At Accessible Arts and Media (AAM), we believe that everyone can learn, everyone can be creative, and everyone can play a part in their local community. They just need the right support, and that’s where creative learning plays a crucial role.
Creative learning isn’t like the traditional learning you might typically find in a school classroom. Reading and learning facts and figures for an exam, for example, may work for some, but for a lot of people this is inaccessible. Creative learning’s about acquiring new skills and knowledge through different experiences and techniques.
There are no constraints, it’s person centred, and it’s an ever-changing process to suit the needs of the person you’re working with.
To enable learning for people with learning disabilities, there are often communication barriers that need to be addressed before any learning can take place. Communication is key to learning new skills and building the confidence to put those skills into action. We therefore need to understand any communication barriers and find a way of communicating that works for that individual.
At AAM, we work with people with a wide range of disabilities and communication needs, older people living with dementia and memory loss and people with mental ill-health.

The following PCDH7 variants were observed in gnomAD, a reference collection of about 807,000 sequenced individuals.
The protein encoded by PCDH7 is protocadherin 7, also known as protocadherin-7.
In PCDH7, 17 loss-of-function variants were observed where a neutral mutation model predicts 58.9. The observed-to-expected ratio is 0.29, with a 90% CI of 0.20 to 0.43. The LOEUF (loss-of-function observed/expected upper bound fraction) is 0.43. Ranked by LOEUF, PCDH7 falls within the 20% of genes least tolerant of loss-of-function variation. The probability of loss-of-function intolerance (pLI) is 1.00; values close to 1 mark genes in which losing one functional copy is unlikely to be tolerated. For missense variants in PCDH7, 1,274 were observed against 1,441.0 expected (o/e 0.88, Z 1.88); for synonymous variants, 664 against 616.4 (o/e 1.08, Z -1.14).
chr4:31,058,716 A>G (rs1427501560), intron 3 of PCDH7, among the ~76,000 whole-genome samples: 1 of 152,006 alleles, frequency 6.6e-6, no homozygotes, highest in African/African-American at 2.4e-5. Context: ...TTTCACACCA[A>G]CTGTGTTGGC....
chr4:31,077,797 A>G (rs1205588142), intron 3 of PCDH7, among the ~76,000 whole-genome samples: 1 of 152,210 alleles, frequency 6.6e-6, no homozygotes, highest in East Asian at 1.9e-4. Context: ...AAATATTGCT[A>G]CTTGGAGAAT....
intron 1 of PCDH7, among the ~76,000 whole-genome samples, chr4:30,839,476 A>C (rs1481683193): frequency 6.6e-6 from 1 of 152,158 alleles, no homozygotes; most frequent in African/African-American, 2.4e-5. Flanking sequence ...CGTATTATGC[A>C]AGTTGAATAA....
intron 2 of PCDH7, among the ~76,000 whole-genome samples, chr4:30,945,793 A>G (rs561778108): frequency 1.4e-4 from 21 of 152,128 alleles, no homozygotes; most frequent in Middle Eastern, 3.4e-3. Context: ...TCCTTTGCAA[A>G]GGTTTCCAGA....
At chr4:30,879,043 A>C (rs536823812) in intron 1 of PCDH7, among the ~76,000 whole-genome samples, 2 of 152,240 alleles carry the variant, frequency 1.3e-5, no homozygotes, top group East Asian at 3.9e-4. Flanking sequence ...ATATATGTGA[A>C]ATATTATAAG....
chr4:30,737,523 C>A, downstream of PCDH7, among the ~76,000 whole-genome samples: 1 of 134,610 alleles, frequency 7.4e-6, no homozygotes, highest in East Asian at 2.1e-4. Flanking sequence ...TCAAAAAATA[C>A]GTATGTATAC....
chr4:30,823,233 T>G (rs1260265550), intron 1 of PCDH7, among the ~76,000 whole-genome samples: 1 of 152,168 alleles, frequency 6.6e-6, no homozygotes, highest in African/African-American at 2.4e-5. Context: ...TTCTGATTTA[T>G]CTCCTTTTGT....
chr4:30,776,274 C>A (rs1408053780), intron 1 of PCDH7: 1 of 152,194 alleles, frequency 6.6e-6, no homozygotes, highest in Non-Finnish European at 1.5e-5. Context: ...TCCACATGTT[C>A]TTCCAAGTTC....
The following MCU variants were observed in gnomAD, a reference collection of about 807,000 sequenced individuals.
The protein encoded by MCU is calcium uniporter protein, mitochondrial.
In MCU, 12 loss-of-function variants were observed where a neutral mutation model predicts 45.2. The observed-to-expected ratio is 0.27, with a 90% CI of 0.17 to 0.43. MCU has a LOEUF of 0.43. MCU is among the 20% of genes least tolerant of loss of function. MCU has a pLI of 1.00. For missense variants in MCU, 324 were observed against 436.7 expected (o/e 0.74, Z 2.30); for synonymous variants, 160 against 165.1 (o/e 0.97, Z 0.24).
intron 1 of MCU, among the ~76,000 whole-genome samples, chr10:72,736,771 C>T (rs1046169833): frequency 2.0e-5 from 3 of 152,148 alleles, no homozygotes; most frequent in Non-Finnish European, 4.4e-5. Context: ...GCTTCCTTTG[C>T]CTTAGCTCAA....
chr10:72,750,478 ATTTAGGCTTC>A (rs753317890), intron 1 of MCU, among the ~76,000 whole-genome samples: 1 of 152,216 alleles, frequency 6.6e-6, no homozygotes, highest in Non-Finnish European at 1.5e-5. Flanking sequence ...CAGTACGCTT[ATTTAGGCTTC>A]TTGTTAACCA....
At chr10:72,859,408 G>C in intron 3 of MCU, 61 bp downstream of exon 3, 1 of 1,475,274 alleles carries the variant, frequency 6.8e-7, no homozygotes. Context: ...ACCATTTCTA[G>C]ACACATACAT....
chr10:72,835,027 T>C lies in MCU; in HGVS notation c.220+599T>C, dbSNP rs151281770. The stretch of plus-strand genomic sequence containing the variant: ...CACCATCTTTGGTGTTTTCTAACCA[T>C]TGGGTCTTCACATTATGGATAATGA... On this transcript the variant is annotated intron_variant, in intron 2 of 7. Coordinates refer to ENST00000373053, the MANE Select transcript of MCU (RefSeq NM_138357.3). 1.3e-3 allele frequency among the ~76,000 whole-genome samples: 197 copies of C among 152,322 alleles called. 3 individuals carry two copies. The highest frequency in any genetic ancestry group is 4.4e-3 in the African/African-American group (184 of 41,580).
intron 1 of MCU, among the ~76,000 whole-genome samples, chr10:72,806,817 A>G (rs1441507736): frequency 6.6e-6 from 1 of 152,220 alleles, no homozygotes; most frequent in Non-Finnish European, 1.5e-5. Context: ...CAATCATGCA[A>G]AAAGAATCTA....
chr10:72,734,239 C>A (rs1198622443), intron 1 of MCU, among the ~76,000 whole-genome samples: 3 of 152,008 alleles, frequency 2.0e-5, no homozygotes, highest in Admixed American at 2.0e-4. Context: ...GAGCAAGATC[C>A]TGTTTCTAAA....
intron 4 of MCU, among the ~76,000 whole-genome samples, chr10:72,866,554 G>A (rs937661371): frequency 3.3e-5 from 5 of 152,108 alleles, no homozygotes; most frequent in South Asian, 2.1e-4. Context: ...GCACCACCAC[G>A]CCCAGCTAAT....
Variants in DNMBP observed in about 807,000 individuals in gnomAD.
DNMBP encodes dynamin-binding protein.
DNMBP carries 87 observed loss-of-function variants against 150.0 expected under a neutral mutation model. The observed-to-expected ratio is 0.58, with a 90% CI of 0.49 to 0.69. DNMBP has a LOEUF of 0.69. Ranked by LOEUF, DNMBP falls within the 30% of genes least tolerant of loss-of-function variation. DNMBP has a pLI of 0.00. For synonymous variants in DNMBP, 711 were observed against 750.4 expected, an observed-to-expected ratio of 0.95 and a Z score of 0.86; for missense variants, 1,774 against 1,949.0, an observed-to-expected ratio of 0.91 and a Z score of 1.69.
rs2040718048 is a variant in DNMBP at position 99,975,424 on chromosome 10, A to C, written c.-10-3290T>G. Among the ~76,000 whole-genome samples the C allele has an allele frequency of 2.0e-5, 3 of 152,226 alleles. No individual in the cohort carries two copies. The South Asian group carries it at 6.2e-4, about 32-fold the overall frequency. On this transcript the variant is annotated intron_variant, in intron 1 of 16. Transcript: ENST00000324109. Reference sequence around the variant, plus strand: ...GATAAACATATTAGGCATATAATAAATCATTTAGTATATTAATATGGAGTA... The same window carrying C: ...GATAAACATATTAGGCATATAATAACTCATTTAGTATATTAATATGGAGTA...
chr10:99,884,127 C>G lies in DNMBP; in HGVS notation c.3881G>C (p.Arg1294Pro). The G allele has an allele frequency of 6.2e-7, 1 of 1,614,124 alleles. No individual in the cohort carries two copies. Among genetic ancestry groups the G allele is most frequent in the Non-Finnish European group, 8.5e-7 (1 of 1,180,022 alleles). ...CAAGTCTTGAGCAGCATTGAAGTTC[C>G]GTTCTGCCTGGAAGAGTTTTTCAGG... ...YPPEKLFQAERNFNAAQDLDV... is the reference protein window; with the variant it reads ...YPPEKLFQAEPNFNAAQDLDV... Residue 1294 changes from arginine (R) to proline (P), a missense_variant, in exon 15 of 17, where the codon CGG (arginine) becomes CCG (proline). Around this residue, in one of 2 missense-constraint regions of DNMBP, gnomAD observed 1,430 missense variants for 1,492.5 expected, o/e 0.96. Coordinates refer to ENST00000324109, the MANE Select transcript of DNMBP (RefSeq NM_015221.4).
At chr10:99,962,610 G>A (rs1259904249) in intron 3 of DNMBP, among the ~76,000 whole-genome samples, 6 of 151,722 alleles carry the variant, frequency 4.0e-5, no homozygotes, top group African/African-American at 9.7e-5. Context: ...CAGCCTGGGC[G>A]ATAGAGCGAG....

Many of our participants are non-verbal, some may have mobility or behavioural challenges, some are deaf with a learning disability, some are verbal with echolalia so what they’re saying isn’t what they want to convey. One communication method won’t suit all our participants, so we use Total Communication, an approach that uses a combination of methods that strengthen meaning for individuals.
Typically, we always use simple speech, eye contact, body gesture, body language, facial expressions, tone of voice and a sign-supported communication approach.
Then for individuals. we might add in hand choices, or eye pointing, intensive interaction (a practical approach to interacting with people with learning disabilities, based on the early developmental stages of communication), colours, objects of reference, symbols, textures, smells, photographs and text, or electronic communication aids.
The environment in which we’re learning is also very important. Changing the lighting in the room so it’s not too bright or too low, having no background noise or background clutter and being aware of where you’re positioned in relation to the person you’re communicating with are all factors that need to be considered when going on a creative learning journey.
Once communication barriers are overcome and understanding between facilitator and participant has been achieved, we can then start to learn creatively. We do this in many ways in our projects. We start by providing a consistent environment, with structure and routine our participants understand and have helped shape (our projects are user-led). This makes sure that participants feel safe and are able to express themselves freely.